Back in August of 2018, I was motivated to write a brief blog post about what is probably my favourite album: Eternal Nightcap (1997), which is the third album by The Whitlams. I have wonderful memories associated with this album, as it played on repeat in the car during family road trips and to me, acted as a kind of cultural compass for life in Sydney and its surrounds. I was only in primary school at the time but I felt grown-up listening to it, as it featured wonderfully descriptive and cheeky lyrics, such as the following:
– ‘All my friends are fuck-ups but they’re fun to have around’ and ‘By the time she gets to Marrickville we’ll be masturbating’ from ‘You Sound Like Louis Burdett’;
– ‘She was one in a million so there’s five more just in New South Wales’ from ‘Up Against the Wall’; and
– ‘My mum’s got a new boyfriend and I like the man’ from ‘Love Is Everywhere’.
If you’re not from Australia, this album is a classic, with unparalleled storytelling through song—largely owed to founding (and the only original) member Tim Freedman. There’s also the fantastic ‘Charlie’ trilogy of songs, dealing with issues of mental health linked to substance abuse, the magnificent ‘No Aphrodisiac’, which won Triple J’s Hottest 100 back in the day, and a wondrous, toe-tapping cover of Bob Dylan’s ‘Tangled Up in Blue’. Although some of the lyrics have been rightly changed in recent live performances to fit shifting societal attitudes (e.g. the description of Kinky Renée in ’No Aphrodisiac’), the album remains a favourite and was even performed by the band in its entirety with the Sydney Symphony Orchestra, along with other classic songs like ‘Blow Up the Pokies’.
Yet more wonderful albums followed, such as Love this City, a critique of Sydney in the lead-up to the 2000 Olympic Games, Torch the Moon, when the current band line-up was confirmed, and Little Cloud, which Freedman wrote when he lived in New York City, before returning to Australia. I could go on about the others but we don’t have time for that.
Little Cloud was The Whitlams’ last album, released in 2006. For years while touring, Freedman would joke that they were set to perform songs from their latest album; the audience would cackle in response, unfazed by the lack of new material and still thrilled to hear their favourite songs from an already enjoyable canon. I was one of those people, as I have seen the band perform and Freedman play solo a number of times.
In 2022, all of this changed. For the first time in 16 years, The Whitlams released a new album: Sancho. Upon hearing at a solo show early last year that new content would be coming out, I was seriously excited. But what prompted a new release from a band that had seemed content in playing its classic collection on repeat? The answer is a sad one… the album title ‘Sancho’ was the nickname of the band’s late tour manager, Greg Weaver, whose death sparked new songwriting. Thankfully, the band turned an untimely loss into a positive tribute.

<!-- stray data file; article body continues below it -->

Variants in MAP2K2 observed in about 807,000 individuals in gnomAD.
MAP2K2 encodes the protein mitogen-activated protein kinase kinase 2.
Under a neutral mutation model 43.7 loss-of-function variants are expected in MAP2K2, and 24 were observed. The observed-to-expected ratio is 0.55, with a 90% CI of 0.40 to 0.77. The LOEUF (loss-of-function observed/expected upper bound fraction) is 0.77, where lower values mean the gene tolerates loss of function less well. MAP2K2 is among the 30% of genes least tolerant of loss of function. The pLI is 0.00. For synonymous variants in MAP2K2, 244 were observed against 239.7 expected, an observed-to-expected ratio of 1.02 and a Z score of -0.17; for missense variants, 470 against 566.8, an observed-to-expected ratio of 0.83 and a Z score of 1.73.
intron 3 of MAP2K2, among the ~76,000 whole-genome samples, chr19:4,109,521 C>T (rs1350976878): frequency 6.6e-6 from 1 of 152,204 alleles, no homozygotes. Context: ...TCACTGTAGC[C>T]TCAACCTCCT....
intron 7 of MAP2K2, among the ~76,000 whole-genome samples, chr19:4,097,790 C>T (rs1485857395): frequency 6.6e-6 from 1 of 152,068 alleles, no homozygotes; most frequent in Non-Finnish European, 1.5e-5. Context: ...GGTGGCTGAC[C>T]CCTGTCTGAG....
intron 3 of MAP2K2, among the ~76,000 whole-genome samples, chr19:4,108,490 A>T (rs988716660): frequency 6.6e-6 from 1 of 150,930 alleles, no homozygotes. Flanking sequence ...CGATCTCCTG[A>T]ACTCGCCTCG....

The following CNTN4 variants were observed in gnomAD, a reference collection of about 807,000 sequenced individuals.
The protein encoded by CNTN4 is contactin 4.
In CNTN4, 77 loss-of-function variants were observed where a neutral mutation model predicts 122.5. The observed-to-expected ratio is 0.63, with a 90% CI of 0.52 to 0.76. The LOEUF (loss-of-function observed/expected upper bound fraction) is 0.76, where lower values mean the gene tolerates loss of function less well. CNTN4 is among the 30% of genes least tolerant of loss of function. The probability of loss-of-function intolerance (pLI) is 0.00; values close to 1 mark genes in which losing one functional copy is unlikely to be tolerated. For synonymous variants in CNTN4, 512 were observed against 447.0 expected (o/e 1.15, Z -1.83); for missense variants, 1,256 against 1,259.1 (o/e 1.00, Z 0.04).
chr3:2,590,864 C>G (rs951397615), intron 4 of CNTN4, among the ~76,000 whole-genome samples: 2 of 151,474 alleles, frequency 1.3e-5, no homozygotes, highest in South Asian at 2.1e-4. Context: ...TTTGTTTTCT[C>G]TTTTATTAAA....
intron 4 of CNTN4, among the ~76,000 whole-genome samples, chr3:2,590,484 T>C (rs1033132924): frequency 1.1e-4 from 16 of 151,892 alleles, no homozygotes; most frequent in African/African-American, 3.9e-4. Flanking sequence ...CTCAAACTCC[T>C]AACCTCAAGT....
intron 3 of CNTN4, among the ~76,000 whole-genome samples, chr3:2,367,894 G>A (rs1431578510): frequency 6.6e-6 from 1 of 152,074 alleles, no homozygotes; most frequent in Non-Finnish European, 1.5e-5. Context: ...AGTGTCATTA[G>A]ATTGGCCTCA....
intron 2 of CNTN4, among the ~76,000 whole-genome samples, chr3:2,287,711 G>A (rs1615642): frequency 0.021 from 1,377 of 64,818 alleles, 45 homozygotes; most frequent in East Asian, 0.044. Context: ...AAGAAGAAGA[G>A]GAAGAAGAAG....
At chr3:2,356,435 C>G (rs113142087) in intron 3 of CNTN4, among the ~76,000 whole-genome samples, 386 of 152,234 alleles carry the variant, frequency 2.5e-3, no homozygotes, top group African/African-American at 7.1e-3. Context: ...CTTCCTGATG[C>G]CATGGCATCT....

As I claimed above, Freedman is unmatched in his storytelling, mixing catchy riffs and effortlessly precise piano with engaging, heartfelt narrative and often dry, quirky humour. Unexpectedly, the album begins with a cover of ‘Catherine Wheel’ (with the original by Washington) and includes an unpredictable track list that weaves in and out of moods and styles. Notably, two great story songs (at over six minutes in length) feature on the album: the title track, ‘Sancho’, which is a musical eulogy that captures the feelings of an exhausted band on the road with its manager; and ‘Ballad of Bertie Kidd’, a song based on the true story of robbers who were busted on the way to a bank heist, simply because they were spotted putting on their balaclavas too early while driving.
There’s also a lot of cheekiness, such as the catchy ‘(You’re Making Me Feel Like I’m) 50 Again’, which is particularly amusing to me, as back in 1997, Freedman sang in ‘No Aphrodisiac’ as a joke about (then) older lovers relative to himself: ‘Forty, shaved, sexy, wants to do it all day’.
There are songs of affection too, such as ‘Nobody Knows I Love You’ and ‘In the Last Life’, which I believe are exemplary of The Whitlams’ ability to write lyrics that perfectly balance the first and second person: you feel drawn into Freedman’s thoughts and emotions as lead vocalist, but also feel like he’s addressing you directly with his messages, even if those feelings aren’t intended for you.
With three songs exceeding five minutes, Sancho still manages to be digestible at 44 minutes in total duration. By the end, you’re left feeling satisfied, yet also wanting more; but as a fan of the band, you know that you shouldn’t wish for too much. This is quality rather than quantity. After all, Sancho is the first new work from the band in 16 years, and evidence of their continuing ability to produce top-notch content that is poetic, heart-breaking, uplifting and funny all at the same time.
This post was originally written in March 2022 for Hemispheric News; subscribe at the Patreon site One Prime Plus to receive this monthly newsletter and other benefits that are linked to the Hemispheric Views podcast.